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Title: Suppressing Thermal Energy Drift In The LLNL Flash X-Ray Accelerator Using Linear Disk Resistor Stacks

Abstract

This paper addresses thermal drift in sodium thiosulfate liquid resistors and their replacement with linear disk resistors from HVR Advanced Power Components. Sodium thiosulfate resistors in the FXR induction linear accelerator application have a temperature coefficient of {approx}1.8%/C. The FXR Marx banks send an 8kJ pulse through eight 524 cm{sup 3} liquid resistors at a repetition rate of up to 1 every 45 seconds. Every pulse increases the temperature of the solution by {approx}0.4 C which produces a 0.7% change in resistance. The typical cooling rate is {approx}0.4 C per minute which results in {approx}0.1% energy drop per pulse during continuous pulsed operations. A radiographic accelerator is extraordinarily sensitive to energy variations. Changes in beam energy produce movement in beam transport, changes in spot size, and large dose variations. If self-heating were the only problem, we could predict the increase in input voltage required to compensate for the energy loss. However, there are other variables that influence the temperature of the resistors such as focus magnet heating, changes in room temperature, changes in cooling water, where the cell is located, etc. Additionally not all of the resistors have equivalent cooling rates and as many as 32 resistors are driven frommore » a single power source. The FXR accelerator group elected to replace the sodium thiosulfate resistors with HVR Linear Disk Resistors in a stack type configuration. With data limited for these resistors when used in oil and at low resistance values, a full characterization needed to be performed. High currents (up to 15kA), high voltages (up to 400kV), and Fast Rise times (<10ns) made a resistor choice difficult. Other solid resistors have been tried and had problems at the connection points and with the fact that the resistivity changed as they absorbed oil. The selected HVR resistors have the advantage of being manufactured with the oil impregnated in to them so this characteristic is minimized while still offering the desired low temperature coefficient of resistance compared to sodium thiosulfate. The characterization experiments and comparison with the sodium thiosulfate liquid resistors will be fully discussed and the final design described.« less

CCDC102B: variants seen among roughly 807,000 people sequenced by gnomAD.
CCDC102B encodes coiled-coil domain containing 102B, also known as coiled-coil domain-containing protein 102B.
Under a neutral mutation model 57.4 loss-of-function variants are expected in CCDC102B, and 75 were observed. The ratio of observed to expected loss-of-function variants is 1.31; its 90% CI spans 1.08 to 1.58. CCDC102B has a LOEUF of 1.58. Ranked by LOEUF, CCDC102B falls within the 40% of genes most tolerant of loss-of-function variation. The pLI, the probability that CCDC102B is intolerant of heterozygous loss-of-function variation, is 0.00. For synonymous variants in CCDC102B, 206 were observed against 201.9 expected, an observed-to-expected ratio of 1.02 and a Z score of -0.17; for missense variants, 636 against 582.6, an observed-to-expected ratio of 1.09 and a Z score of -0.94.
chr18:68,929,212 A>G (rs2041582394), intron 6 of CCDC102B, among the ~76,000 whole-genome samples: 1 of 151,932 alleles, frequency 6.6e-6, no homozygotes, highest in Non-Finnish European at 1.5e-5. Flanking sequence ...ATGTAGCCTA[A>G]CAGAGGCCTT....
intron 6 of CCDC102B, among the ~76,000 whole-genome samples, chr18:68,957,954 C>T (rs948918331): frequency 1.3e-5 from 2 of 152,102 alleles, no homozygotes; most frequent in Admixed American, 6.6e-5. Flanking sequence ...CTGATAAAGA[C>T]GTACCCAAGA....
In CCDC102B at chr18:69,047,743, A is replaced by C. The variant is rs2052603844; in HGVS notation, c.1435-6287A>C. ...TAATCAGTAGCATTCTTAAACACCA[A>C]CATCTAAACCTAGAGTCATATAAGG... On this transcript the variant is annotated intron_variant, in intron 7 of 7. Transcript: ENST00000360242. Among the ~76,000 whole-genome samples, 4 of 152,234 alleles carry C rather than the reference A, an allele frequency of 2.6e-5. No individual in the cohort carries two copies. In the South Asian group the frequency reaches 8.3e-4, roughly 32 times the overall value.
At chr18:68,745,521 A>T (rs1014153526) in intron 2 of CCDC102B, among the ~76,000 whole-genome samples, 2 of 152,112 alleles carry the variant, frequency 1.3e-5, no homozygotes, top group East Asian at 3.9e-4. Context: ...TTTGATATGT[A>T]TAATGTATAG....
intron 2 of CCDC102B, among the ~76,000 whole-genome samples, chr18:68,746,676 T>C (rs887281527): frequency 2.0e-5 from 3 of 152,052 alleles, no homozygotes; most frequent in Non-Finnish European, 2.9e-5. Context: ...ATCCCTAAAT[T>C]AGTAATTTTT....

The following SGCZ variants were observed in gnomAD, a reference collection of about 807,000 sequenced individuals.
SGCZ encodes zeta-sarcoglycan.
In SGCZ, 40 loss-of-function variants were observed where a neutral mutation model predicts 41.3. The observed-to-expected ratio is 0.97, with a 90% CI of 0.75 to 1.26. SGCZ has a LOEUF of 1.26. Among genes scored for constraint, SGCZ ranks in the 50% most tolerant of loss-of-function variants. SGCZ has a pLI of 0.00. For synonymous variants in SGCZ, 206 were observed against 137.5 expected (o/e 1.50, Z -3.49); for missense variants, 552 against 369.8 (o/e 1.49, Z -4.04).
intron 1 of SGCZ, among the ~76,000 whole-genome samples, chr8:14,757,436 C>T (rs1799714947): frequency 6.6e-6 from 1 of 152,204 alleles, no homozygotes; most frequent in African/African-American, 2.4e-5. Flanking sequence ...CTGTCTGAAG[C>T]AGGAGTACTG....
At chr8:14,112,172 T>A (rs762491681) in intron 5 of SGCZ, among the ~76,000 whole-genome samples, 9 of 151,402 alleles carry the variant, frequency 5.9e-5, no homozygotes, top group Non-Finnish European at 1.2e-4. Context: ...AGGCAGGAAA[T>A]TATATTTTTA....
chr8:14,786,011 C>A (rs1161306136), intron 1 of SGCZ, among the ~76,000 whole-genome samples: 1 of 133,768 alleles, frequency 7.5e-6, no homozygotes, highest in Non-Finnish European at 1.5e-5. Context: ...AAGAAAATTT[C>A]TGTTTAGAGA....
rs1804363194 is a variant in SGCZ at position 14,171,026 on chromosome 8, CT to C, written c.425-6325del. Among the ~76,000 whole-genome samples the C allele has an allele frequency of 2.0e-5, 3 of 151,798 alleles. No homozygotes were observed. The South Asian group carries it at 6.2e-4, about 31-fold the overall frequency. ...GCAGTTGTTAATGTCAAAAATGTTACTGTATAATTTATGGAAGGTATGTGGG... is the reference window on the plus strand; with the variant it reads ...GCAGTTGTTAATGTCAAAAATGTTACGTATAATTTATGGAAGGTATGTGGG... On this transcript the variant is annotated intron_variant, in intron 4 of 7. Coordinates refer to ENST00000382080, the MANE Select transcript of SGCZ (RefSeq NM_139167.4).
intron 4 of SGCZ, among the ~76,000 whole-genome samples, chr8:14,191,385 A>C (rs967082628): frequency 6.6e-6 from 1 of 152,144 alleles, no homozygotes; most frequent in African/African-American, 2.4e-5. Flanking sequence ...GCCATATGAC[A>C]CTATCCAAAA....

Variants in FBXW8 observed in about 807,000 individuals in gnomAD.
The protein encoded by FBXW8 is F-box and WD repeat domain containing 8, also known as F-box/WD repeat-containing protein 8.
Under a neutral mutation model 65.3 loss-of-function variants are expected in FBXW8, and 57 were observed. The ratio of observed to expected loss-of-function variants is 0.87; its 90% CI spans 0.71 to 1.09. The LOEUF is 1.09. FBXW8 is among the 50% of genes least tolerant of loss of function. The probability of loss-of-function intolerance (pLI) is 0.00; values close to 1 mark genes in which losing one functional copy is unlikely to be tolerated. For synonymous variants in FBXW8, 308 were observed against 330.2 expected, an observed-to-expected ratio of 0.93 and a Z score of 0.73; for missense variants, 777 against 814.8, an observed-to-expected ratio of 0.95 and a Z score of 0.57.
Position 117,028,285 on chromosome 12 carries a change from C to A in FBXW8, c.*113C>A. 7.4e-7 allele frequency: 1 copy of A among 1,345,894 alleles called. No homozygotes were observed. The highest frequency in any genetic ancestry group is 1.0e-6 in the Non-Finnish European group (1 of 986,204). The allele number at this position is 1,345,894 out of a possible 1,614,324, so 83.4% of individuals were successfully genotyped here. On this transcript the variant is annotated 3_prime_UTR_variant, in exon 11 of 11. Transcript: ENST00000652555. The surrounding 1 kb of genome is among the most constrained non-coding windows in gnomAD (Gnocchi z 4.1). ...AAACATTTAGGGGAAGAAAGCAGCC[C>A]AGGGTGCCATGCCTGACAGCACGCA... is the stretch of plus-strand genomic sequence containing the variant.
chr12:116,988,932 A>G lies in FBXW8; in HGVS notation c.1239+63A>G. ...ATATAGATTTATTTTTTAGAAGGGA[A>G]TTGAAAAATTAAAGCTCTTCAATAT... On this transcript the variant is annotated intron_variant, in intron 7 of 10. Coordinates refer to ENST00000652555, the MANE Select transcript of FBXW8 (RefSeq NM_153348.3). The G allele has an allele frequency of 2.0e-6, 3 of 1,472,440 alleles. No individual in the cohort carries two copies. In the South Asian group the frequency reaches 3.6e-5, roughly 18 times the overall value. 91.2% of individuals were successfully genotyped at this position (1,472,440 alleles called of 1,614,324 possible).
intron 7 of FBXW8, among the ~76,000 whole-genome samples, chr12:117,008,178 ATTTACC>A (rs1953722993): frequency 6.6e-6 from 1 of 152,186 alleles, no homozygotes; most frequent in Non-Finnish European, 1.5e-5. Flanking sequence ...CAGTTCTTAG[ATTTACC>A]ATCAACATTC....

Authors:
; ;
Publication Date:
Research Org.:
Lawrence Livermore National Lab. (LLNL), Livermore, CA (United States)
Sponsoring Org.:
USDOE
OSTI Identifier:
1022930
Report Number(s):
LLNL-CONF-491238
TRN: US1104429
DOE Contract Number:  
W-7405-ENG-48
Resource Type:
Conference
Resource Relation:
Conference: Presented at: SUPPRESSING THERMAL ENERGY DRIFT IN THE LLNL FLASH X-RAY ACCELERATOR USING LINEAR DISK RESISTOR STACKS, Chicago, IL, United States, Jun 19 - Jun 23, 2011
Country of Publication:
United States
Language:
English
Subject:
42 ENGINEERING; 43 PARTICLE ACCELERATORS; ACCELERATORS; BEAM TRANSPORT; CONFIGURATION; DESIGN; HEATING; INDUCTION; LAWRENCE LIVERMORE NATIONAL LABORATORY; LINEAR ACCELERATORS; MAGNETS; PULSE RISE TIME; RESISTORS; SODIUM; TEMPERATURE COEFFICIENT; THIOSULFATES; WATER